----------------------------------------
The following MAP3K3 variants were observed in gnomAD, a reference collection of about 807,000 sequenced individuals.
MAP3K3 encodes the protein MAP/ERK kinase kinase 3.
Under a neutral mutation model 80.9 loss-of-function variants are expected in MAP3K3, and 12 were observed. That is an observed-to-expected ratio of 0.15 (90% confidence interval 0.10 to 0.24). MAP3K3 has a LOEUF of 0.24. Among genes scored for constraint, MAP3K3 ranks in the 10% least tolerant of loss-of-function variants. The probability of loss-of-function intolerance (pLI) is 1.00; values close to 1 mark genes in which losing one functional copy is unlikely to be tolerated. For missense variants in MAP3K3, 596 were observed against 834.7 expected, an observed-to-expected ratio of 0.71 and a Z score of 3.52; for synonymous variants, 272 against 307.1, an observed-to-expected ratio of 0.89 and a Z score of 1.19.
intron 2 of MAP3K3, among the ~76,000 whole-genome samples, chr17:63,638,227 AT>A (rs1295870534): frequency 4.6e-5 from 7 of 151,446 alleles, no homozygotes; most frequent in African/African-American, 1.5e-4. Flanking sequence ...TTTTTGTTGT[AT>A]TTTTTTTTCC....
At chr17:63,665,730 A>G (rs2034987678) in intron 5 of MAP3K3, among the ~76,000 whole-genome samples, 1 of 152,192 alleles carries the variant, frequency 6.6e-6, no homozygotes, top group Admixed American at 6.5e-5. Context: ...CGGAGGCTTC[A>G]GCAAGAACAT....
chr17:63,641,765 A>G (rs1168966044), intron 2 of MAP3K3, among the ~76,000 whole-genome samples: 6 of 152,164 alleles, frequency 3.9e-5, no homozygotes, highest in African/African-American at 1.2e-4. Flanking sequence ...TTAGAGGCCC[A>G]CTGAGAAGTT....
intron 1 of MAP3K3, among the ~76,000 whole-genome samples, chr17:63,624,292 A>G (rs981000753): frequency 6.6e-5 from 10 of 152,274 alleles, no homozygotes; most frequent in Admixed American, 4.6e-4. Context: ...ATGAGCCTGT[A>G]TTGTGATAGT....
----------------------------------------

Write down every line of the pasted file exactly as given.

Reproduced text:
The following MAP3K3 variants were observed in gnomAD, a reference collection of about 807,000 sequenced individuals.
MAP3K3 encodes the protein MAP/ERK kinase kinase 3.
Under a neutral mutation model 80.9 loss-of-function variants are expected in MAP3K3, and 12 were observed. That is an observed-to-expected ratio of 0.15 (90% confidence interval 0.10 to 0.24). MAP3K3 has a LOEUF of 0.24. Among genes scored for constraint, MAP3K3 ranks in the 10% least tolerant of loss-of-function variants. The probability of loss-of-function intolerance (pLI) is 1.00; values close to 1 mark genes in which losing one functional copy is unlikely to be tolerated. For missense variants in MAP3K3, 596 were observed against 834.7 expected, an observed-to-expected ratio of 0.71 and a Z score of 3.52; for synonymous variants, 272 against 307.1, an observed-to-expected ratio of 0.89 and a Z score of 1.19.
intron 2 of MAP3K3, among the ~76,000 whole-genome samples, chr17:63,638,227 AT>A (rs1295870534): frequency 4.6e-5 from 7 of 151,446 alleles, no homozygotes; most frequent in African/African-American, 1.5e-4. Flanking sequence ...TTTTTGTTGT[AT>A]TTTTTTTTCC....
At chr17:63,665,730 A>G (rs2034987678) in intron 5 of MAP3K3, among the ~76,000 whole-genome samples, 1 of 152,192 alleles carries the variant, frequency 6.6e-6, no homozygotes, top group Admixed American at 6.5e-5. Context: ...CGGAGGCTTC[A>G]GCAAGAACAT....
chr17:63,641,765 A>G (rs1168966044), intron 2 of MAP3K3, among the ~76,000 whole-genome samples: 6 of 152,164 alleles, frequency 3.9e-5, no homozygotes, highest in African/African-American at 1.2e-4. Flanking sequence ...TTAGAGGCCC[A>G]CTGAGAAGTT....
intron 1 of MAP3K3, among the ~76,000 whole-genome samples, chr17:63,624,292 A>G (rs981000753): frequency 6.6e-5 from 10 of 152,274 alleles, no homozygotes; most frequent in Admixed American, 4.6e-4. Context: ...ATGAGCCTGT[A>G]TTGTGATAGT....